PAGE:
"I know no safe depository of the ultimate powers of the society but the people themselves, and if we think them not enlightened enough to exercise their control with a wholesome discretion, the remedy is not to take it from them, but to inform their discretion by education. This is the true corrective of abuses of constitutional power." - Thomas Jefferson


We as Americans all remember being taught when we were young about our nation's founders, the patriots who stood up to the tyranny of the crown of England, the drafters of the declaration of independence, the constitution, and the bill of rights, the documents that became the framework for a system of governance that they believed would maintain a balance of power within a truly representative government, that would preserve the basic rights and liberties of the people, let their voice be heard, and provide to them a government, as Lincoln later put it, "of the people, by the people, and for the people."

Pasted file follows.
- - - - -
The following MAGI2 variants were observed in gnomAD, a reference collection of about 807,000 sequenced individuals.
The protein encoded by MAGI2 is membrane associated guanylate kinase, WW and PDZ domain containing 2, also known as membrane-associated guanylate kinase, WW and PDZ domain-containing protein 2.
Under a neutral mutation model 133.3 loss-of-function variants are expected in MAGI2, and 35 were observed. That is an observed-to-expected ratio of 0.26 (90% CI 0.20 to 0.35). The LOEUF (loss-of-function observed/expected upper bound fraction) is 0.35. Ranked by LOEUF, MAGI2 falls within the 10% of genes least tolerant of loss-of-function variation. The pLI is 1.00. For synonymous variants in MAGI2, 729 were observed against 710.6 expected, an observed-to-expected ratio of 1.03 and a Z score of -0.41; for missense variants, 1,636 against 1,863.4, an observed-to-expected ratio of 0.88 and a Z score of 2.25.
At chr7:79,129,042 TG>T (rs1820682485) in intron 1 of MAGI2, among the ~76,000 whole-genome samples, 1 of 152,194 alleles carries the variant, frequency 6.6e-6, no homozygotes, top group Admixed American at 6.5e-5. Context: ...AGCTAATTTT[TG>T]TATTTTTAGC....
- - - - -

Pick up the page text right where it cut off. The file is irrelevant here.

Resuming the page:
What we may not be so quick to recall, however, is that there was much debate between the founding fathers as to what model our system of government should follow. Those such as Thomas Jefferson, Thomas Paine, and Patrick Henry on one side favored a pure and direct democracy with the legislative power vested in the very hands of the people, while others such as James Madison, John Adams and George Washington held that a representative democracy would better serve the people than a true democracy because they believed it would protect the individual liberties of the minority from the will of the majority. Alexander Hamilton even went so far as to support the creation of a monarchy. In the end, those favoring representative democracy won the day and that is the system they put in place in the hopes of creating a "more perfect union."